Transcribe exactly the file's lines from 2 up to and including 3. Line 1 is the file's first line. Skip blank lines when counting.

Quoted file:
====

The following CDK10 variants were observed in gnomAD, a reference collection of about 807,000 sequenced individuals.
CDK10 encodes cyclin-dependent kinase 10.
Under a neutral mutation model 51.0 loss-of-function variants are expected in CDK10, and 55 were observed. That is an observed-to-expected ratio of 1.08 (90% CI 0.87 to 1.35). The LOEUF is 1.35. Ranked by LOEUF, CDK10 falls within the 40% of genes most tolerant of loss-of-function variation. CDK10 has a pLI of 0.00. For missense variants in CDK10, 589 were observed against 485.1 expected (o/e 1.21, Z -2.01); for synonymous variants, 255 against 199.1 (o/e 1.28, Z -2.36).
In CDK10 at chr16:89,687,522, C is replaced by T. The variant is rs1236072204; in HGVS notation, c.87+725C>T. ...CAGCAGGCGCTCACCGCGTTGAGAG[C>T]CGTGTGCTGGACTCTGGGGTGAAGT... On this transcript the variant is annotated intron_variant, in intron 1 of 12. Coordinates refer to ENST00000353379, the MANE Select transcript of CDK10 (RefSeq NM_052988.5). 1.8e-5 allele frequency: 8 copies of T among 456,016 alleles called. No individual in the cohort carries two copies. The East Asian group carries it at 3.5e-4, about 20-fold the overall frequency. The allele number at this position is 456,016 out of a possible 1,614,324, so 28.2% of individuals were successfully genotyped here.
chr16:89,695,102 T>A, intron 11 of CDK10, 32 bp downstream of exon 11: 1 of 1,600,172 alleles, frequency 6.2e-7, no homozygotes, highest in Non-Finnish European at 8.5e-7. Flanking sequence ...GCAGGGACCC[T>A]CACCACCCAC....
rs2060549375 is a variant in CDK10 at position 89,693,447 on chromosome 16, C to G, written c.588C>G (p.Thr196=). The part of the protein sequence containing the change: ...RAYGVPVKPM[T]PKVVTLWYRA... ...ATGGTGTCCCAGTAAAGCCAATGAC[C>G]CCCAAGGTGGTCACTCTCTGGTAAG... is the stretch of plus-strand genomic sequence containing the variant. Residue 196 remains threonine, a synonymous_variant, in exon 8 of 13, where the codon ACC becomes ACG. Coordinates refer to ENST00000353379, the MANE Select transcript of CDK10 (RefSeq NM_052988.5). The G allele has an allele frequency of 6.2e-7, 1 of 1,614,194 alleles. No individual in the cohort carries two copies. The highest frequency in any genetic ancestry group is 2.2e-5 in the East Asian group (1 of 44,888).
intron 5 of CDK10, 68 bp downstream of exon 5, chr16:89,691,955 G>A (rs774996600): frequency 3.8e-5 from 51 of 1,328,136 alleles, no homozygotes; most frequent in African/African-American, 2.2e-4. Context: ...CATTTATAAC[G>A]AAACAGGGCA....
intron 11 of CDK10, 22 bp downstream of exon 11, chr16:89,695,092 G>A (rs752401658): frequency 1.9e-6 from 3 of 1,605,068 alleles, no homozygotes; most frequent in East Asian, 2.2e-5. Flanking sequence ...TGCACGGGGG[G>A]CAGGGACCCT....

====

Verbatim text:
CDK10 encodes cyclin-dependent kinase 10.
Under a neutral mutation model 51.0 loss-of-function variants are expected in CDK10, and 55 were observed. That is an observed-to-expected ratio of 1.08 (90% CI 0.87 to 1.35). The LOEUF is 1.35. Ranked by LOEUF, CDK10 falls within the 40% of genes most tolerant of loss-of-function variation. CDK10 has a pLI of 0.00. For missense variants in CDK10, 589 were observed against 485.1 expected (o/e 1.21, Z -2.01); for synonymous variants, 255 against 199.1 (o/e 1.28, Z -2.36).